Firefly WalletLatest release: 3.1.6 ( 29th January 2022 ) 🔍 Last analysed 11th April 2022 . No source for current release found
Do your own research!
Try out searching for "lost bitcoins", "stole my money" or "scammers" together with the wallet's name, even if you think the wallet is generally trustworthy. For all the bigger wallets you will find accusations. Make sure you understand why they were made and if you are comfortable with the provider's reaction.
The Analysis ¶
(Analysis from Android review)
This XLM based wallet supports Bitcoin as well as Ethereum. Users can create a bitcoin wallet from the app and it would have a separate 12-word mnemonic phrase from the XLM and Ethereum wallets.
- Support multiple accounts. You can set different federal addresses and inflation pool, etc.
- Integrated convenient and efficient QR code scanning function. Accounts import/export, namecards, contacts, sending and receiving assets, etc. are fully supported.
- Supporting decentralized asset exchange, you can customize any asset trading pair, view corresponding trading information, create or cancel your own offers.
- Support asset deposit and withdrawal (provided by the corresponding anchor), based on SEP-0006 protocol.
- The private key/seed is encrypted and stored in the local storage, which ensures the security of the assets.
Although the app describes itself as an open source project, we took a look at their repository and it was mentioned there that it was no longer being maintained. The last commit was dated February 25, 2019. The last update for the Android app was made on February 10, 2022.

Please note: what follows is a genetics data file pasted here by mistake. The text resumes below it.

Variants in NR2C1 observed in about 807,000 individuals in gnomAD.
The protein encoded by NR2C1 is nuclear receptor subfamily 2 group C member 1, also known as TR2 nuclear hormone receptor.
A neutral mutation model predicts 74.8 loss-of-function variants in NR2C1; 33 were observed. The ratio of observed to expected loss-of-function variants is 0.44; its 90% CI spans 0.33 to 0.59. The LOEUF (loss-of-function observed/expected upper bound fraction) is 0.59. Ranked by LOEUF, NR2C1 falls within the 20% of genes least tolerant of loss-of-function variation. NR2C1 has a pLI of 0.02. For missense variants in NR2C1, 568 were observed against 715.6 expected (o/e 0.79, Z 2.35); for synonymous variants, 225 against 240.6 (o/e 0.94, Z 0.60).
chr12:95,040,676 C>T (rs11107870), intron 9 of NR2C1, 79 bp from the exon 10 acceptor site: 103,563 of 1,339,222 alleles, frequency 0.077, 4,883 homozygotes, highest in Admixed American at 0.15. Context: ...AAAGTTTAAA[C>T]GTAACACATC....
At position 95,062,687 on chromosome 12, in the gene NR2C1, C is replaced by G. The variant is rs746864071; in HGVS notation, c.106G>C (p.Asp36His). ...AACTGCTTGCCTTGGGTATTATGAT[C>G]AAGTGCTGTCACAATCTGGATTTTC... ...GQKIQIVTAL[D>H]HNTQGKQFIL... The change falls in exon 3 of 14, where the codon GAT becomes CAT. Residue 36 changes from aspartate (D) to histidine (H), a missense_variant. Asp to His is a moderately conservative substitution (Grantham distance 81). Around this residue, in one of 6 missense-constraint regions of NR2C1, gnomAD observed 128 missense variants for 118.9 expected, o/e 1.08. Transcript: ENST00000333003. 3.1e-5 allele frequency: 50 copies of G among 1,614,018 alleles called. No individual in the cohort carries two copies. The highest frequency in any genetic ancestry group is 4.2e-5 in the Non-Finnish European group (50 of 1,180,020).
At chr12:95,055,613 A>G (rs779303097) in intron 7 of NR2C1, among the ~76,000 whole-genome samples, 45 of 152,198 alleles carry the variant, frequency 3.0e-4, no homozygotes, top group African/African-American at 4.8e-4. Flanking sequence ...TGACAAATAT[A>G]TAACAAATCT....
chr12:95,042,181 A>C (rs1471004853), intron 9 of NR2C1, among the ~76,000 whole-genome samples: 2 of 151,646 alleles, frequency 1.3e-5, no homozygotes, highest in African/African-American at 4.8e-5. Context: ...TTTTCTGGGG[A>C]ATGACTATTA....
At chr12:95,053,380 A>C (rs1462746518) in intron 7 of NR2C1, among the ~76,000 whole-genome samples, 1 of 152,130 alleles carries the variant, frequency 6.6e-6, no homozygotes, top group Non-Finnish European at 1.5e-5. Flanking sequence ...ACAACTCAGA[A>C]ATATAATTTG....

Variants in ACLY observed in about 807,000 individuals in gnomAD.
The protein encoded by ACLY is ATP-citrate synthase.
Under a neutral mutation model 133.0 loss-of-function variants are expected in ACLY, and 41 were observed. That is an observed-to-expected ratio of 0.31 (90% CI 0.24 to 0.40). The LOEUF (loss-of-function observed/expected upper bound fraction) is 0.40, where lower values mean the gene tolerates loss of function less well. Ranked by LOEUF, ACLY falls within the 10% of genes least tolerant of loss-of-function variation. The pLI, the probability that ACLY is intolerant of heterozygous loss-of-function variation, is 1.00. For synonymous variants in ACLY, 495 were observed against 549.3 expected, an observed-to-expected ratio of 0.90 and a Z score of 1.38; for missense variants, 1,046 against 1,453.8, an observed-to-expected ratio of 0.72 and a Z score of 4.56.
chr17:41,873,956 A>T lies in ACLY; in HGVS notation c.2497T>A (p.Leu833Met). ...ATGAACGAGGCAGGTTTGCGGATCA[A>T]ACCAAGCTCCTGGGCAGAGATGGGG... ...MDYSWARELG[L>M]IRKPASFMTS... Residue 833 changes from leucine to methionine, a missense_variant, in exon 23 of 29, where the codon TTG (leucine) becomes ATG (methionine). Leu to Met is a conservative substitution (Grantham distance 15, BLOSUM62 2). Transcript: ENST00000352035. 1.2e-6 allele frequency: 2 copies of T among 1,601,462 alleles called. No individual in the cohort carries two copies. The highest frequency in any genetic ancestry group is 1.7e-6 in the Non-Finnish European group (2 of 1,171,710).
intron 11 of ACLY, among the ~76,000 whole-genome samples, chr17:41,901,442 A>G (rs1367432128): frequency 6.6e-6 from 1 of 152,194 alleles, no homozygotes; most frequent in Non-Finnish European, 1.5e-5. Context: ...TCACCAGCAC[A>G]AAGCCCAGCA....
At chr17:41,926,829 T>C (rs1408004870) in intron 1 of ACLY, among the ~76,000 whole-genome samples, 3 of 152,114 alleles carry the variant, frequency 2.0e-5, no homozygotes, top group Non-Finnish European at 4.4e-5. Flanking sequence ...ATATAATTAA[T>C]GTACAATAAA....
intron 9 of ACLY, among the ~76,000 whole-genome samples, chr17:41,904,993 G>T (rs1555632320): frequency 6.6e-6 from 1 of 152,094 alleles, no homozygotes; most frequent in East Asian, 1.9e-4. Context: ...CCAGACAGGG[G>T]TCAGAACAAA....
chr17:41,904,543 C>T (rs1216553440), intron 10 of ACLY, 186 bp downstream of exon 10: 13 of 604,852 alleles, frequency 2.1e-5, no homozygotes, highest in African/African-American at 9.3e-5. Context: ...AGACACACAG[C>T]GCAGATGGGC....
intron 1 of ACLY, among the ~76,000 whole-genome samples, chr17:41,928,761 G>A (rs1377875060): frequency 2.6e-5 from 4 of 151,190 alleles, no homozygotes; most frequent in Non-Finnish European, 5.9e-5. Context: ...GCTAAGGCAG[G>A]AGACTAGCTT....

Without public source of the reviewed release available, this product cannot be verified!
As part of our Methodology, we ask:Is the source code publicly available? If not, we tag it No Source!
A wallet that claims to not give the provider the means to steal the users’ funds might actually be lying. In the spirit of “Don’t trust - verify!” you don’t want to take the provider at his word, but trust that people hunting for fame and bug bounties could actually find flaws and back-doors in the wallet so the provider doesn’t dare to put these in.
Back-doors and flaws are frequently found in closed source products but some remain hidden for years. And even in open source security software there might be catastrophic flaws undiscovered for years.
An evil wallet provider would certainly prefer not to publish the code, as hiding it makes audits orders of magnitude harder.
For your security, you thus want the code to be available for review.
If the wallet provider doesn’t share up to date code, our analysis stops there as the wallet could steal your funds at any time, and there is no protection except the provider’s word.
“Up to date” strictly means that any instance of the product being updated without the source code being updated counts as closed source. This puts the burden on the provider to always first release the source code before releasing the product’s update. This paragraph is a clarification to our rules following a little poll.
We are not concerned about the license as long as it allows us to perform our analysis. For a security audit, it is not necessary that the provider allows others to use their code for a competing wallet. You should still prefer actual open source licenses as a competing wallet won’t use the code without giving it careful scrutiny.
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